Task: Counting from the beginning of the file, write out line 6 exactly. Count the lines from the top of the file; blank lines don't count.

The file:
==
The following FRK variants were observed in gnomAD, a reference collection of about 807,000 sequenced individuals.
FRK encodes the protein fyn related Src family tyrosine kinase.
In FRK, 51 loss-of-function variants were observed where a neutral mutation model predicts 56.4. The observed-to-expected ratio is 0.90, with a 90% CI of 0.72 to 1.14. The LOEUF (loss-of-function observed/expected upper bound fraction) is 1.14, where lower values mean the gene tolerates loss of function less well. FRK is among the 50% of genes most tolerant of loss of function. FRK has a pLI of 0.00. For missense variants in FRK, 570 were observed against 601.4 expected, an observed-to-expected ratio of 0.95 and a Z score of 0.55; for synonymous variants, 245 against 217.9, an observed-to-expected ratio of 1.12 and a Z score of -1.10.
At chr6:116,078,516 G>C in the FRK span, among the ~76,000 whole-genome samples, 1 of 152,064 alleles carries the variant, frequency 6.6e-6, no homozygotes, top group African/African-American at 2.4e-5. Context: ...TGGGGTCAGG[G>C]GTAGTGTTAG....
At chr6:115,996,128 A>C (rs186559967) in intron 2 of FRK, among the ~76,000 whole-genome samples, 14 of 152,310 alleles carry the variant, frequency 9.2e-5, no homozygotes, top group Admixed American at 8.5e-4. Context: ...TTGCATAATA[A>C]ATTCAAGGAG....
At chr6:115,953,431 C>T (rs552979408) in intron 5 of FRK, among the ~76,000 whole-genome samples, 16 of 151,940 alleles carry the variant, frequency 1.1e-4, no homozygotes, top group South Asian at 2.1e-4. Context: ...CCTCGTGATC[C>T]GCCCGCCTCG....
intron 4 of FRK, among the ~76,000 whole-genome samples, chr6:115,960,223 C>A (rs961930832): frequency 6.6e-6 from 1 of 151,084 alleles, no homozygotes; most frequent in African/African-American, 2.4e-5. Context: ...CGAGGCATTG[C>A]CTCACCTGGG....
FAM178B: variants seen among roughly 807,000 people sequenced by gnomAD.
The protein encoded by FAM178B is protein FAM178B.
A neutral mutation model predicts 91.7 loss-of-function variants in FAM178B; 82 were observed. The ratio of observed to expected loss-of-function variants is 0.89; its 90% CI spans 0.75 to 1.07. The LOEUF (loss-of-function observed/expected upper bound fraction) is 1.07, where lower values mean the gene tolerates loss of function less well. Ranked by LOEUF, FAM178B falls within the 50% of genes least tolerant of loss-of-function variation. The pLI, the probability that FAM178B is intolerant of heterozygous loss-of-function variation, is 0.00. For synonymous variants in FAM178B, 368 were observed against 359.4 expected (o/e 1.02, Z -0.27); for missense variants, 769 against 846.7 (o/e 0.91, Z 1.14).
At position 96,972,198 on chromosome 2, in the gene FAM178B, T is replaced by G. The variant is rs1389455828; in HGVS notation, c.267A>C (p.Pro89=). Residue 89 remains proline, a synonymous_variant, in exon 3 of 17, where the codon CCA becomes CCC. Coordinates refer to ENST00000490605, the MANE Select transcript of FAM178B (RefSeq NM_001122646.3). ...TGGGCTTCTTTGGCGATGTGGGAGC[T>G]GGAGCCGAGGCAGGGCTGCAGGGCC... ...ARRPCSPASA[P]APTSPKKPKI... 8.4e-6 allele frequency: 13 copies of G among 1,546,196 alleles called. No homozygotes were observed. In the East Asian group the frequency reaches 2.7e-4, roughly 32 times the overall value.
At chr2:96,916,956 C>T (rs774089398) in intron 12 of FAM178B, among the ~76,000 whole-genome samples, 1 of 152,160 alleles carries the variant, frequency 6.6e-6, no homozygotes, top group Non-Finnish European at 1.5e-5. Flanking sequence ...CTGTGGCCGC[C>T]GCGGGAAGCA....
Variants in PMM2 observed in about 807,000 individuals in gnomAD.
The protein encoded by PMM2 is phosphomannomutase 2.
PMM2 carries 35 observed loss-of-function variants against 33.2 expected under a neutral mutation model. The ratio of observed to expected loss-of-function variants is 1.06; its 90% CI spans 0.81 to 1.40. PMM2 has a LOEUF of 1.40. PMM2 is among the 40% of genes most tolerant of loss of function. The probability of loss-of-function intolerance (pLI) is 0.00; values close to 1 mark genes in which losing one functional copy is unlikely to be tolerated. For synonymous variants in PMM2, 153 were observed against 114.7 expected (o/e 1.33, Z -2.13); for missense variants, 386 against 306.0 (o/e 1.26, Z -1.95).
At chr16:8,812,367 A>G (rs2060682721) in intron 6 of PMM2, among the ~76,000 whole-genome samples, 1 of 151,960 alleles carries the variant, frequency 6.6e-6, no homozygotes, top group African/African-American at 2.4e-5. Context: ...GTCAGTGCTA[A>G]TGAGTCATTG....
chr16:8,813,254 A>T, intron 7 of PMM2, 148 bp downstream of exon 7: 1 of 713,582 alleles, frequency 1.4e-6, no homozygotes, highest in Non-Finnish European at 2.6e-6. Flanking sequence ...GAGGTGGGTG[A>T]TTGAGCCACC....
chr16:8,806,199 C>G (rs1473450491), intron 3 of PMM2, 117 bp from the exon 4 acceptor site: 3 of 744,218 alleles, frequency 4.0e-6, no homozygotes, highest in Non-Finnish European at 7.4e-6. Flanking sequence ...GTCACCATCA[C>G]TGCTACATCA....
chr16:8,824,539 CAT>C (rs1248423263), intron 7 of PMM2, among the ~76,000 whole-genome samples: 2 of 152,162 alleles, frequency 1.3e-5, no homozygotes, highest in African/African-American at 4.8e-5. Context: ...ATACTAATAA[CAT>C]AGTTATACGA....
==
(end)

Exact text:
At chr6:115,953,431 C>T (rs552979408) in intron 5 of FRK, among the ~76,000 whole-genome samples, 16 of 151,940 alleles carry the variant, frequency 1.1e-4, no homozygotes, top group South Asian at 2.1e-4. Context: ...CCTCGTGATC[C>T]GCCCGCCTCG....